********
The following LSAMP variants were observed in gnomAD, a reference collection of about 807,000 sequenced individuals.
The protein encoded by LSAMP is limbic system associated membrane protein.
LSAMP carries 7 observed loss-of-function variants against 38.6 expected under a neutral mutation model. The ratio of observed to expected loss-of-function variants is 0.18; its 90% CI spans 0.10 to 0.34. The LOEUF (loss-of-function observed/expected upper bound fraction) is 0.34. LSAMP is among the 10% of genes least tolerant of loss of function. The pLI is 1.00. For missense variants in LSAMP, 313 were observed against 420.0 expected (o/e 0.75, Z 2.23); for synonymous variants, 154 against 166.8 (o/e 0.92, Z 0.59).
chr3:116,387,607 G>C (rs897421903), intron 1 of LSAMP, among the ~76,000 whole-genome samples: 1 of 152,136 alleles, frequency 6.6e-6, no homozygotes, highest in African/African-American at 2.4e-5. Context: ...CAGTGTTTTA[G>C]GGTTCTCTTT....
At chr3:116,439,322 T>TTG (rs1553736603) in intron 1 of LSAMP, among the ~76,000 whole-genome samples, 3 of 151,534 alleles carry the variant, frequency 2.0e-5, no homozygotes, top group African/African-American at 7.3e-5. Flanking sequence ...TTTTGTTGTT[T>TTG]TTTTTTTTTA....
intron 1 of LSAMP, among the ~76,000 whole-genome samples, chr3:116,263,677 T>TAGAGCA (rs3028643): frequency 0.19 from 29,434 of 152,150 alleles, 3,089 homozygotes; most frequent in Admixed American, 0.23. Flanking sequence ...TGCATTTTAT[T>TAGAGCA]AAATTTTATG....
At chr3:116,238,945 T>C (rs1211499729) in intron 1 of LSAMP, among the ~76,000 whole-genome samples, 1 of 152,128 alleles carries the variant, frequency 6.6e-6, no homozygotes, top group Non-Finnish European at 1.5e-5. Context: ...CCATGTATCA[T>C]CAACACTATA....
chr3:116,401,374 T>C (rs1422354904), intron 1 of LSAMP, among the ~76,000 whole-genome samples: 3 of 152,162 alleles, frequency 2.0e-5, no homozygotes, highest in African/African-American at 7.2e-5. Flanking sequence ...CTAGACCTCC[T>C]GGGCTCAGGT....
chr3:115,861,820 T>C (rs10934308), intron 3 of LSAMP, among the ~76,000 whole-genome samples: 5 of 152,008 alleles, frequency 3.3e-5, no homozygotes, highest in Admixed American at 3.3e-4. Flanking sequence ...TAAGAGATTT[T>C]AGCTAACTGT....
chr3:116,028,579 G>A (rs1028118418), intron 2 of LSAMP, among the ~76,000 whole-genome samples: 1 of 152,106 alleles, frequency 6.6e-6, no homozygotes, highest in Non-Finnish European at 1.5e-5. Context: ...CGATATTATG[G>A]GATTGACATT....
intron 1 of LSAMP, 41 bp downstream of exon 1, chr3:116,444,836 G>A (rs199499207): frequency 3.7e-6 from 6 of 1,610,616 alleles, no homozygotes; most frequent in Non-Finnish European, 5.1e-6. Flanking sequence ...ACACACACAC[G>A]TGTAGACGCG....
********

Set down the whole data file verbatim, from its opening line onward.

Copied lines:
The following LSAMP variants were observed in gnomAD, a reference collection of about 807,000 sequenced individuals.
The protein encoded by LSAMP is limbic system associated membrane protein.
LSAMP carries 7 observed loss-of-function variants against 38.6 expected under a neutral mutation model. The ratio of observed to expected loss-of-function variants is 0.18; its 90% CI spans 0.10 to 0.34. The LOEUF (loss-of-function observed/expected upper bound fraction) is 0.34. LSAMP is among the 10% of genes least tolerant of loss of function. The pLI is 1.00. For missense variants in LSAMP, 313 were observed against 420.0 expected (o/e 0.75, Z 2.23); for synonymous variants, 154 against 166.8 (o/e 0.92, Z 0.59).
chr3:116,387,607 G>C (rs897421903), intron 1 of LSAMP, among the ~76,000 whole-genome samples: 1 of 152,136 alleles, frequency 6.6e-6, no homozygotes, highest in African/African-American at 2.4e-5. Context: ...CAGTGTTTTA[G>C]GGTTCTCTTT....
At chr3:116,439,322 T>TTG (rs1553736603) in intron 1 of LSAMP, among the ~76,000 whole-genome samples, 3 of 151,534 alleles carry the variant, frequency 2.0e-5, no homozygotes, top group African/African-American at 7.3e-5. Flanking sequence ...TTTTGTTGTT[T>TTG]TTTTTTTTTA....
intron 1 of LSAMP, among the ~76,000 whole-genome samples, chr3:116,263,677 T>TAGAGCA (rs3028643): frequency 0.19 from 29,434 of 152,150 alleles, 3,089 homozygotes; most frequent in Admixed American, 0.23. Flanking sequence ...TGCATTTTAT[T>TAGAGCA]AAATTTTATG....
At chr3:116,238,945 T>C (rs1211499729) in intron 1 of LSAMP, among the ~76,000 whole-genome samples, 1 of 152,128 alleles carries the variant, frequency 6.6e-6, no homozygotes, top group Non-Finnish European at 1.5e-5. Context: ...CCATGTATCA[T>C]CAACACTATA....
chr3:116,401,374 T>C (rs1422354904), intron 1 of LSAMP, among the ~76,000 whole-genome samples: 3 of 152,162 alleles, frequency 2.0e-5, no homozygotes, highest in African/African-American at 7.2e-5. Flanking sequence ...CTAGACCTCC[T>C]GGGCTCAGGT....
chr3:115,861,820 T>C (rs10934308), intron 3 of LSAMP, among the ~76,000 whole-genome samples: 5 of 152,008 alleles, frequency 3.3e-5, no homozygotes, highest in Admixed American at 3.3e-4. Flanking sequence ...TAAGAGATTT[T>C]AGCTAACTGT....
chr3:116,028,579 G>A (rs1028118418), intron 2 of LSAMP, among the ~76,000 whole-genome samples: 1 of 152,106 alleles, frequency 6.6e-6, no homozygotes, highest in Non-Finnish European at 1.5e-5. Context: ...CGATATTATG[G>A]GATTGACATT....
intron 1 of LSAMP, 41 bp downstream of exon 1, chr3:116,444,836 G>A (rs199499207): frequency 3.7e-6 from 6 of 1,610,616 alleles, no homozygotes; most frequent in Non-Finnish European, 5.1e-6. Flanking sequence ...ACACACACAC[G>A]TGTAGACGCG....